Safety net. Remember that time when your car broke down and you had to wait an hour for the auto club to come and help you out? Or maybe that time when your plumbing backed up and you googled plumbers in your area? Yeah, well at least where I live that ain’t gonna happen. Your safety net consists of your network of willing and able neighbors and friends, your own initiative, creativity, and willingness to learn, and last but not least…those awesome youtube videos. My husband has gone from sales a marketing background to a mechanic (both quads and Toyota trucks), a plumber, a refrigerator repair man, a farmer and a builder. I have learned to cook from scratch, tend a green house, organize and maintain a temperture and humidity controlled dry room, kill my own spiders (most of the time), not freak out and want to move back to the States when I see a scorpion, and yes, due to an unfortunate breakdown, I now know what a leaf spring is. As I’ve mentioned before, the learning curve is steep but I have never met a country full of such generous people that are willing and happy to help out whenever they can. Some unfortunate circumstances have even led to some wonderful and long lasting friendships.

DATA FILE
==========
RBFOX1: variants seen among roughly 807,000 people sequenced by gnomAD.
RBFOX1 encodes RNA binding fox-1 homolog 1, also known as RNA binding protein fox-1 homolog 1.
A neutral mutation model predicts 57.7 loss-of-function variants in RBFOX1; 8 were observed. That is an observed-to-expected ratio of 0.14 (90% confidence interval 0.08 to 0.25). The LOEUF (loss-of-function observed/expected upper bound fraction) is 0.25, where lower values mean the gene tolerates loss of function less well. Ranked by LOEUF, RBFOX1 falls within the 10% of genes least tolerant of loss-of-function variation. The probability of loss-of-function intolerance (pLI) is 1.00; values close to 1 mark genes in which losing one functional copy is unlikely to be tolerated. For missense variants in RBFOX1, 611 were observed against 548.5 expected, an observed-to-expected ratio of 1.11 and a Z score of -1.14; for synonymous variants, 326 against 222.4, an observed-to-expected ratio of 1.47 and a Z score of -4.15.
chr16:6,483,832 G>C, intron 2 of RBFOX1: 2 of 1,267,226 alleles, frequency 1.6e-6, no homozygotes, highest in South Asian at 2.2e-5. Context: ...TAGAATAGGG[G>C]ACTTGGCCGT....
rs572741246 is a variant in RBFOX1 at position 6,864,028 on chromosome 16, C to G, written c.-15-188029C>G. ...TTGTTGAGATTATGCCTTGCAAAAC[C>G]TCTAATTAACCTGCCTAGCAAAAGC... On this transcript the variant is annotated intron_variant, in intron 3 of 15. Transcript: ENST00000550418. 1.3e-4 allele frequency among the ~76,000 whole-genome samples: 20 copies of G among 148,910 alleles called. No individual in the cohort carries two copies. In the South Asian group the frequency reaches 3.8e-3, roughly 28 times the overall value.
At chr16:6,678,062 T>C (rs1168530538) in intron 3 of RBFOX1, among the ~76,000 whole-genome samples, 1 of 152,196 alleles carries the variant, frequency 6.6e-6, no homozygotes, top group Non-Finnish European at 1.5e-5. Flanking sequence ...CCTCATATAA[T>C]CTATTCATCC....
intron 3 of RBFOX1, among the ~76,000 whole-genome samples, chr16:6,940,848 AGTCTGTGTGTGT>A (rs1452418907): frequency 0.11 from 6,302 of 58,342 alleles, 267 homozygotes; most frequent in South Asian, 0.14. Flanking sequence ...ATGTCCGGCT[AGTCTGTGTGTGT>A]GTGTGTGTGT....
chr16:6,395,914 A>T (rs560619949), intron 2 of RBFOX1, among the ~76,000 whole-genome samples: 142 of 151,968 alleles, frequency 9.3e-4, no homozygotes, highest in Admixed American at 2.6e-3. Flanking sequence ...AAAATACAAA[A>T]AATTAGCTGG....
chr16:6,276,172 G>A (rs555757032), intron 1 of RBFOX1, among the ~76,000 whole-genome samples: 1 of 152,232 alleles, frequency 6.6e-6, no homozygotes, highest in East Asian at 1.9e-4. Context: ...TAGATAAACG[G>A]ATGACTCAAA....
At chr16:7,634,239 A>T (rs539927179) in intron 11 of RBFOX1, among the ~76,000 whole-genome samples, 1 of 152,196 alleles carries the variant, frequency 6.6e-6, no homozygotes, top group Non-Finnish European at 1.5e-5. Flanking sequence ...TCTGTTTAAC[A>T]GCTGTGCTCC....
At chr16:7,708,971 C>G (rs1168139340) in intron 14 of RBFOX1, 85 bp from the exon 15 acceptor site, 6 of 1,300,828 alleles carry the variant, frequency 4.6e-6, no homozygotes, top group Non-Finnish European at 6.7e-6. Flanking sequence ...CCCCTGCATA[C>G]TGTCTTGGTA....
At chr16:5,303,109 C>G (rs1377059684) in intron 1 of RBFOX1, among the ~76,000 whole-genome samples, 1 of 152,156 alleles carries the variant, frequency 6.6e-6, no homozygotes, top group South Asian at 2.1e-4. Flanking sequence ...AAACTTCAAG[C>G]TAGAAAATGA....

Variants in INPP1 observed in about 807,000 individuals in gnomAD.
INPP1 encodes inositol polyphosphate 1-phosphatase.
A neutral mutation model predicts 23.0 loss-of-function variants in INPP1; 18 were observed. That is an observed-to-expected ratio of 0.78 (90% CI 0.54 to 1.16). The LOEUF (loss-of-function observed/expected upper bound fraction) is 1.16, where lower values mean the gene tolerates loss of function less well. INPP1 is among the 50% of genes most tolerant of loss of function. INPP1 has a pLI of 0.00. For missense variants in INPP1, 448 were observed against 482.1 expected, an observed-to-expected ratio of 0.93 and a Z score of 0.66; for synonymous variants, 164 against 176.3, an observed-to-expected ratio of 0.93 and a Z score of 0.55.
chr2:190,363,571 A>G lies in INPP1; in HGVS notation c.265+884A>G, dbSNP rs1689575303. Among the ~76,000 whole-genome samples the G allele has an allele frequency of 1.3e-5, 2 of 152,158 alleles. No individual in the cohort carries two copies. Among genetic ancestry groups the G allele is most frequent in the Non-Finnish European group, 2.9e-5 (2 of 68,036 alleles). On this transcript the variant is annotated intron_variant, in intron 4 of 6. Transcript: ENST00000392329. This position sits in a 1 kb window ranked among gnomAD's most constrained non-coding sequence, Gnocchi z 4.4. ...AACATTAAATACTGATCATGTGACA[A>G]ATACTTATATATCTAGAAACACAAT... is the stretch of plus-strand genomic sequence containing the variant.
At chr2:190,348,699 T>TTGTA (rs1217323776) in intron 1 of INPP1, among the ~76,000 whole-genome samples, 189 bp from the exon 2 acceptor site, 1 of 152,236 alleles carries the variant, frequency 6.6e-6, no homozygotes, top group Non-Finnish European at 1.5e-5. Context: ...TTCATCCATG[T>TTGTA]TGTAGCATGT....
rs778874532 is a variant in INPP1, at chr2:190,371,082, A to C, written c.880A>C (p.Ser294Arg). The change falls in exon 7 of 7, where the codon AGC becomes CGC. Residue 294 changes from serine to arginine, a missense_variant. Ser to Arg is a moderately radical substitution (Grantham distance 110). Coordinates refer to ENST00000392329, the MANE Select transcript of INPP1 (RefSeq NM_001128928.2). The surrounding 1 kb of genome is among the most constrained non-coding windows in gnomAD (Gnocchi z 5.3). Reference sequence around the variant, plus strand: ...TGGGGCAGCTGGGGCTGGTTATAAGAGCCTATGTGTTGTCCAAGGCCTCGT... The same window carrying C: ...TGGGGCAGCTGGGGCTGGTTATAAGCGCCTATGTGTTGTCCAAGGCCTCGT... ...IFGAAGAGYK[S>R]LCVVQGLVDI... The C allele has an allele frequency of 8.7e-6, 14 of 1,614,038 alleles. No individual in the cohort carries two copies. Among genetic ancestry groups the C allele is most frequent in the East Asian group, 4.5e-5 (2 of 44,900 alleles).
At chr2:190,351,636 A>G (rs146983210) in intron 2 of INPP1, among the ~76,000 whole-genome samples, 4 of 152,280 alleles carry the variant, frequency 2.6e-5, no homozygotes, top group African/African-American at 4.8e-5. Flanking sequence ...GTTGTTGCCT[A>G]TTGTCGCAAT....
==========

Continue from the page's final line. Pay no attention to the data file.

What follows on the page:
Weather. I know what you’re thinking, isn’t it always warm and balmy here? For the most part it is. The temperture is relatively stable and fluctuates depending on location. It can get refreshingly cool in the mounainous areas and very hot at the beaches. The main seasons here revolve around the rainy season and the dry season. The dry season is more popular for travelers and technically runs from December through May. The closer one gets to May, the thirstier the jungle begins to look. Water rationing is not uncommon as the water table begins to diminsh. It’s as if the forces of Mother Nature take the jungle to the absolute breaking point until she unleashes that first glorious rain, (which is when I’ve been known to run outside naked to dance amongst these beautiful drops of liquid gold!). The rainy season, or the “green season” as the tourism industry spins it, runs from June through November. It starts out as afternoon thundershowers with spectacular shows of lightening and majestic rumbles of thunder. As the season continues, the rain may increase to morning and evening showers, and finally culminates in the onslaught of true rainy season…can’t rain any harder, and then it does…where is all this water coming from and where is it going…kind of rain. This can last for the months of October and November which is when a good deal of expats decide to visit those out of town relatives. These are my pearls of wisdom that I will share with you about this time of year: